One: Big Society Within
The gutsy rendition of Ian Dury’s classic ‘Spasticus Autisitcus‘ during the Paralympic Games Opening Ceremony was, for me, the highlight of London 2012. Once banned by the BBC for its (apparently) offensive lyrics, this was now a boastful celebration of diversity and tolerance. Watching it on TV made me feel more proud to be British – and a Londoner – than a thousand Gold Medals ever could.
London 2012 belonged as much to the games-maker volunteers as to the elite athletes – proof that volunteerism and active citizenship not only works but can be celebrated and accelerated by regular people. Sport may have been the rallying point and Team GB the rallying cry, but this was no over-thought nor politically motivated scheme imposed by a politician in search of a Big Idea, but rather by a network of people with shared passions and shared interests. Common good suddenly flourished and momentarily took on a life of its own. Britain briefly built a new Jerusalem on its own re-generated green and pleasant land. This begat an optimism and hope that a thousand clever ads or a multi-million dollar sponsorship could never buy. A salutary lesson for those obsessed with promoting wants over needs and consumption over societal good.
Two: Socrates, Plato and Aristotle: The Missing Principle
From the Olympic Park to Potsdam, home of the eponymous conference, and a two day retreat to refresh and inspire the mind. An opening speaker, professorial in both title and content, argued that man had evolved little since emerging from the plains of Africa. He was challenging, if erroneous. I could not help but feel that this was advancing theory for the sake of theory alone – another person in search of a hallmark Big Idea – and therefore immediately contradicting his own, central tenet. Moreover, the Professor seemed to conveniently ignore some of the great inflection points of history – from the Good Spiel to the Guttenberg press; from the birth of the great monotheisms to the Renaissance and the Enlightenment; from Aristotle and Plato to the World Wide Web and beyond.
I stopped to dwell on those very Platonic and Aristotelian principles that form the bedrock of a Citizen Society: Prudence, Virtue, Wisdom and Fortitude. Citizen Renaissance has always argued for the continuum from Plato and Aristotle into the Citizen Renaissance itself – but I could not help wonder if an additional principle now needs to be included: to the above, add Transparency… possibly the most reforming force of all, in modern times?
Three: Creative Destruction
Meanwhile (and still in Potsdam), Professor Guy Sorman was arguing – correctly, in my view – that the European crisis was one made of politics, not of economics, and that Europe’s own inter-dependency between nation (and city) states means that the continent is de facto integrated in all but name and currency. Our views diverge, however, on the subject of John Maynard Keynes, whose policies he dismissed as tools of political expedience and as window-dressing – short-term panaceas to gloss over real political need. Employees of the US car industry would no doubt argue otherwise.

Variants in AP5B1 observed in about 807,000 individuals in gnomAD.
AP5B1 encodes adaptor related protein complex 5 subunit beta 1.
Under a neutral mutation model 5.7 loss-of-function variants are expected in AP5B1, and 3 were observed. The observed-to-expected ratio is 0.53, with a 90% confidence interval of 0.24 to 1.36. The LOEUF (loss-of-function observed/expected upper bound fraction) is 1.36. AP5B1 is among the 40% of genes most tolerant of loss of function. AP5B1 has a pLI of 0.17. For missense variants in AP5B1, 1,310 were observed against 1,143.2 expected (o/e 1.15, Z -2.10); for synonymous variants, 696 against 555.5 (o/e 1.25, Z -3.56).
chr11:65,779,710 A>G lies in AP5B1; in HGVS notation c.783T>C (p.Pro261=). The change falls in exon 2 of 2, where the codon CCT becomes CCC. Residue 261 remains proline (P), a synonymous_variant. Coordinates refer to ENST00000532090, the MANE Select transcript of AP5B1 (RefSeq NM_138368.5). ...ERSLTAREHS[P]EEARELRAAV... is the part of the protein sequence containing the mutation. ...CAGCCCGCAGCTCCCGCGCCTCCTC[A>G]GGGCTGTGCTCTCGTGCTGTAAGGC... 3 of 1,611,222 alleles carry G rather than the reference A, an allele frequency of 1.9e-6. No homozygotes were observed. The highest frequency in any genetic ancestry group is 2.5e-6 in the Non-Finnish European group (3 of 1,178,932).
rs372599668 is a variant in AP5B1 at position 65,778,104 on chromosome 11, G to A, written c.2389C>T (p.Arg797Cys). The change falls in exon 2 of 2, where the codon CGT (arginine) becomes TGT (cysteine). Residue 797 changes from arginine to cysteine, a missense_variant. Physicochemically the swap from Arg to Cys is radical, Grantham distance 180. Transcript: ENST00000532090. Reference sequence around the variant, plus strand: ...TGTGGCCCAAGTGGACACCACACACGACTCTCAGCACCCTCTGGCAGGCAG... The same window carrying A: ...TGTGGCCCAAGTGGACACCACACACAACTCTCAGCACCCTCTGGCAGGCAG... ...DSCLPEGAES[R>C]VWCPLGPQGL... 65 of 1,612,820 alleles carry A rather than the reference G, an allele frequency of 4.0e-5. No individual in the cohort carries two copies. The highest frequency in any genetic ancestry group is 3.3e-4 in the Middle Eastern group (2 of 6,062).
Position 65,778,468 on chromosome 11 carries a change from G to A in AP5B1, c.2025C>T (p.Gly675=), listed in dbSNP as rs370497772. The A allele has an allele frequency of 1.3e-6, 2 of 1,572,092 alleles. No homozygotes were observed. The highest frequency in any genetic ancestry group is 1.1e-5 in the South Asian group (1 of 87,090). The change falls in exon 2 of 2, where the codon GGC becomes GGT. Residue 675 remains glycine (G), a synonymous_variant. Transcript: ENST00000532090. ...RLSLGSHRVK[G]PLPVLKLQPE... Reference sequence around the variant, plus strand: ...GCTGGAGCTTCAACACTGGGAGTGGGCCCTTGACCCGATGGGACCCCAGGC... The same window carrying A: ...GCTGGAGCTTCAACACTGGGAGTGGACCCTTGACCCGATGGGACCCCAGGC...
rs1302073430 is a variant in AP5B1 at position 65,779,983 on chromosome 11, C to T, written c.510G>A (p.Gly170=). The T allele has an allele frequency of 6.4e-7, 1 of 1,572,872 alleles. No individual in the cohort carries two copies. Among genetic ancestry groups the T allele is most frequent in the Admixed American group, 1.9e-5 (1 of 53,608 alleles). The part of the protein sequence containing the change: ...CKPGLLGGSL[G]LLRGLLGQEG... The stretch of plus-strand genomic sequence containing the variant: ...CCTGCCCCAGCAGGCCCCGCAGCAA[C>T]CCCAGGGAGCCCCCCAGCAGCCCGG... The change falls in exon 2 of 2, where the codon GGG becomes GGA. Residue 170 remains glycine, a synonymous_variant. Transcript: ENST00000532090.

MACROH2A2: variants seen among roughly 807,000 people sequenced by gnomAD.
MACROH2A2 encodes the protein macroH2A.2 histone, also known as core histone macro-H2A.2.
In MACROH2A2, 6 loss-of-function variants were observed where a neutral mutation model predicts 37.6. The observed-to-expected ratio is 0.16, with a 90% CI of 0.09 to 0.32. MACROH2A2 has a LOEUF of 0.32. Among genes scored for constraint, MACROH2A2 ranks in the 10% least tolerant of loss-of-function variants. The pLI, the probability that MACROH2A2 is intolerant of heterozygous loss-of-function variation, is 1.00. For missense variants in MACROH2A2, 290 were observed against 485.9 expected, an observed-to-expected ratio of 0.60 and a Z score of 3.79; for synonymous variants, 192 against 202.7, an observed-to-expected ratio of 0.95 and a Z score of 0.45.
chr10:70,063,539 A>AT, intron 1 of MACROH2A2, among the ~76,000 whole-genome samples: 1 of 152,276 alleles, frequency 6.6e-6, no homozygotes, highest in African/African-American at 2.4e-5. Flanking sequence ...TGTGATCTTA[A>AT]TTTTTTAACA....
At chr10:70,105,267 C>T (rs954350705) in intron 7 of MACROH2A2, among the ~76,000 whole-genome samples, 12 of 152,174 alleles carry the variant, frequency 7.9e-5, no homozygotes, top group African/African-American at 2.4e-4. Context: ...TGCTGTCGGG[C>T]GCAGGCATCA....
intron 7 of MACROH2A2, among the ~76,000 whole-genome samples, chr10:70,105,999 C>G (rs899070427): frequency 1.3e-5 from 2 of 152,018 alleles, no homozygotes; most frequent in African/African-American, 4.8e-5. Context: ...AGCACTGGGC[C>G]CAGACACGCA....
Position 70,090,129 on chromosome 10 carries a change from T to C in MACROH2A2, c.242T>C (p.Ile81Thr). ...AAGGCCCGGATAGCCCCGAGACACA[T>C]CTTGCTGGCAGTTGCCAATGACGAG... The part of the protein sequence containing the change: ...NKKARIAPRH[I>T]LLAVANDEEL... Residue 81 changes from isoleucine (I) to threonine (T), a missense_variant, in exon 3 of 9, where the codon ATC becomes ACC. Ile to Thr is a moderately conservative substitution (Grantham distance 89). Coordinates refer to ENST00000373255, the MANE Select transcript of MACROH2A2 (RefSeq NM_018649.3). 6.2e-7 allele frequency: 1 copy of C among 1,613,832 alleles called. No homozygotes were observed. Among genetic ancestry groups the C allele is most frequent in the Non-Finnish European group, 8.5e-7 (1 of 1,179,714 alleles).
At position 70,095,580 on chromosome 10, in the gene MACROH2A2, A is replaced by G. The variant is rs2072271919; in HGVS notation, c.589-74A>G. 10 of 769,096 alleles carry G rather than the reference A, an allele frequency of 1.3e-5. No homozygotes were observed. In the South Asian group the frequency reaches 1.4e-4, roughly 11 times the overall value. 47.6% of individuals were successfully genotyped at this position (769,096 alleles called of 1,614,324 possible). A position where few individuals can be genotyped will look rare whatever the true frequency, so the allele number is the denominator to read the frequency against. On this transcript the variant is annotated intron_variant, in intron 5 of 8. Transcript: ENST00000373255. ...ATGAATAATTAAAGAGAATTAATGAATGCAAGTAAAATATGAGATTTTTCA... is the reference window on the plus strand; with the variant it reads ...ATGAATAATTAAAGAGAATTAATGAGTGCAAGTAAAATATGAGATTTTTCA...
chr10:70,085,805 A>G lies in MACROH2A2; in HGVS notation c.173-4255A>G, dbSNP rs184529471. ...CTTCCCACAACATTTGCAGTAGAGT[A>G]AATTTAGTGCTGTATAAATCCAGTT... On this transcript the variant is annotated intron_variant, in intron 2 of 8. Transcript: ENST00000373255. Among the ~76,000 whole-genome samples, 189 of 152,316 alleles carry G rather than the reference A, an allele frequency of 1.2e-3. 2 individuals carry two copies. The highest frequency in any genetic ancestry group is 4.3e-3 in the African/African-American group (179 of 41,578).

Sorman also referenced Schumpeter’s call for ‘Creative Destruction‘, that much-needed force for the re-booting of systemic failings. Which set me thinking about Citizen Activists and Citizen Networks (see Blogs passim) – and a new, positive breed of Creative Destructionists, emboldened by Social Digital technologies, who can maybe reject and reform the sterile status quo; move away from the more histrionic cries of the end of capitalism as we know it; and use the ‘crisis’ of our times as a force for regenerative good. New rules can be established through new networks. A connected society can better understand and advance shared interests. And a crisis, whether political or economic in origin or evidence, can be supplanted by a more creative and optimisitic citizen-centricity. This is a call for Destructive Good.
Four: A New Sweetspot
Design Innovation sits at the inter-section of Technology, Business and Human Values. This is not my thinking but belongs to the Director of the Hasso-Plattner Institut.
I have posted before on the new polarities of Social Digital – the need to understand both deep maths (through algorithms and search) and deep humanity (the empathy that connects real people with real values within networks) at either end of the same axis. Real people drive technological advancement, just as technology in turn surely helps man and society evolve. Meanwhile, ‘business’ is merely an empty construct without the people and the core humanity that form the networks that populate the corporations, who drive the economics. Within this, human values – citizen values – are enduring…. which is why we are still discussing and de-constructing Aristotle and Plato, twenty-three hundred years later.
Since the early days of the Industrial Revolution, there have always been those with a profound belief that mechanical advancement will one day fully de-humanise society. It is good to see the Hass-Plattner Venn diagram in action – and Human Values as the third ring.
Five: Sauce Hollandaise
Francois Hollande is enjoying a mixed reception, not least among those who decry his apparent version of ‘pip squeaking’ approaches to capitalist excesses and no doubt see him as a Karl Marxist/ pre-Schumpeter Creative Destructionist. The legendary money-maker, Bernard Arnaut, looks set to become a Belgian citizen – one of tens of thousands who every year make this choice – and is denounced by Liberation. A friend and colleague is, however, fighting the fiscal threat of Hollandaise, not by flight to Belgium, but with exciting and expansionist plans: invest into business growth and employ more people, rather than pay taxes to the state. A curious hybrid of Friedman and Keynes, maybe – but one rich in opportunity and optimism – and a contributor to an altogether better society.